Gallagher said Pitt officials believe this is a structural change and not just cyclical or a post-COVID reaction. “This is due to a lot of things. A lot of it is a lot of blood, sweat and tears that goes into the process in admissions and expanding that process around the country. But it also is a reflection of Pitt’s brand, the recognition as a desirable place to go, and that brand is not only strengthening but it’s getting broader is extending across the country.”

Student achievements: In the current academic year, Pitt students have received 22 U.S. State Department Benjamin Gilman International Scholarships — a Pell Grant recipient-eligible program for students to study abroad. There also have been nine Fulbright Scholars and Pitt’s first-ever Mitchell Scholar. Four Pitt students were named Voyager Scholars, the Obama-Chesky Scholarship for Public Service that provides up to $50,000 to reduce or eliminate student debt.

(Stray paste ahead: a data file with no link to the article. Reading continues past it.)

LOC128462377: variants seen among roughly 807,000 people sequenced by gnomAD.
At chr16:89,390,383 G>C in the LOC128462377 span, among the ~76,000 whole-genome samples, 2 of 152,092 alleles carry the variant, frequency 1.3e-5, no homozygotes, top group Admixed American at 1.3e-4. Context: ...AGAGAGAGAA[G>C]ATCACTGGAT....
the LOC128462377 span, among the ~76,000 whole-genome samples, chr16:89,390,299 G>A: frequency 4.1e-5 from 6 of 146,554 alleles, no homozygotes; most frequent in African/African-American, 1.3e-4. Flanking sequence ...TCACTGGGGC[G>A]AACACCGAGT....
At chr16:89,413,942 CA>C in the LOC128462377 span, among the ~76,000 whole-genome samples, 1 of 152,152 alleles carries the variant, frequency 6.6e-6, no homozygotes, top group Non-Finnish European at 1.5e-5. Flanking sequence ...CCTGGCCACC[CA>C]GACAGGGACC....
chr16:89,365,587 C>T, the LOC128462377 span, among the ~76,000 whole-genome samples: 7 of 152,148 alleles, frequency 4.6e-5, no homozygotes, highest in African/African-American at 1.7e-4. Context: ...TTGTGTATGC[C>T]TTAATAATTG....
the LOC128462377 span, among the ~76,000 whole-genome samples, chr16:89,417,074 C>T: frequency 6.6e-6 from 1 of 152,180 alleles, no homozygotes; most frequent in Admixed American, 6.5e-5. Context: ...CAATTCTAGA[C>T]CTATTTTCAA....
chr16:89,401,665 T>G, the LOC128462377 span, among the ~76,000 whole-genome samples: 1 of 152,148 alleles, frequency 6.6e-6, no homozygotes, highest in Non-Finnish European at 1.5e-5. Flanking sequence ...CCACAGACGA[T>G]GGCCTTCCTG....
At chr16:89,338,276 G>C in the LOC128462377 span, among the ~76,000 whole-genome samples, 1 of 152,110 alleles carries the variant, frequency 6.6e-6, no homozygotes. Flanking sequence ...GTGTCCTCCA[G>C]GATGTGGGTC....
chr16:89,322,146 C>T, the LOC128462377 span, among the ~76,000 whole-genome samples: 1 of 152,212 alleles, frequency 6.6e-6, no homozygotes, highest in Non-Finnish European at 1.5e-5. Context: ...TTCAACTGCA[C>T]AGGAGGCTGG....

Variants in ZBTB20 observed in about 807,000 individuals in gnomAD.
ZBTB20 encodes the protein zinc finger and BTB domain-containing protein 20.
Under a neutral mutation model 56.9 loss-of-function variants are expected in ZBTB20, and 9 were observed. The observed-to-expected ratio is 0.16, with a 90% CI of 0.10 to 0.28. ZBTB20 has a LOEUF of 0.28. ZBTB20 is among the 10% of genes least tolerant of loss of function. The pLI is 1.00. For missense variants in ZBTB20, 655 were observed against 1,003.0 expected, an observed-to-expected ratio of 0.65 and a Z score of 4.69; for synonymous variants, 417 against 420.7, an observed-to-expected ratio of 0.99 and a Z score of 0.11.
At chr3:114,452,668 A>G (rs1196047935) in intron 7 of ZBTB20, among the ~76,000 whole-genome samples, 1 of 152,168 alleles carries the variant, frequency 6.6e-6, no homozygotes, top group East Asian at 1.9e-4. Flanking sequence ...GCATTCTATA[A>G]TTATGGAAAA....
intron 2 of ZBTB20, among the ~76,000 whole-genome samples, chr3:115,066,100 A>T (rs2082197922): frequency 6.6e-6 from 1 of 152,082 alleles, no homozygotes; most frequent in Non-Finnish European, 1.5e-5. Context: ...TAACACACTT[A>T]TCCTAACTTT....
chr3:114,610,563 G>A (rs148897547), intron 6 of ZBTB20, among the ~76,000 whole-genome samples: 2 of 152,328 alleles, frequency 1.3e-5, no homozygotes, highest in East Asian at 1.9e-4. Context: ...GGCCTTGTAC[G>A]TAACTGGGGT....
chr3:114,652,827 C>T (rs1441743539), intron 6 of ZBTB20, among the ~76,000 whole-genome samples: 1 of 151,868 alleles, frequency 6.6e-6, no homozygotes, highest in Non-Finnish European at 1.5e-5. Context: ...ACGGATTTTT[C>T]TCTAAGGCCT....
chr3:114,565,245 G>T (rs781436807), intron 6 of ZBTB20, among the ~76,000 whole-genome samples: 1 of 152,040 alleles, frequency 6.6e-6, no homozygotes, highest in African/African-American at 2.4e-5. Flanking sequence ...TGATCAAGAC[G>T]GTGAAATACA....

Faculty accolades: Gallagher singled out four faculty members accomplishments. Gwendolyn Sowa, School of Medicine, was named to the National Academy of Medicine; Joseph Glorioso and Ronald Montelaro, both of the School of Medicine, were named to the National Academy of Inventors; and Rory Cooper, School of Health and Rehabilitation Sciences, was named to the National Inventors Hall of Fame.

Research funding: Pitt’s funding from NIH in 2021-22 was up 13 percent from the previous year, hitting $675.4 million and ranking third among U.S. institutions. Notably, there was a 91 percent growth in larger ($5 million to $10 million), team-oriented awards, “which is remarkable,” Gallagher said. “We’re encouraged by this and we continue we believe this is, again, systematic change.”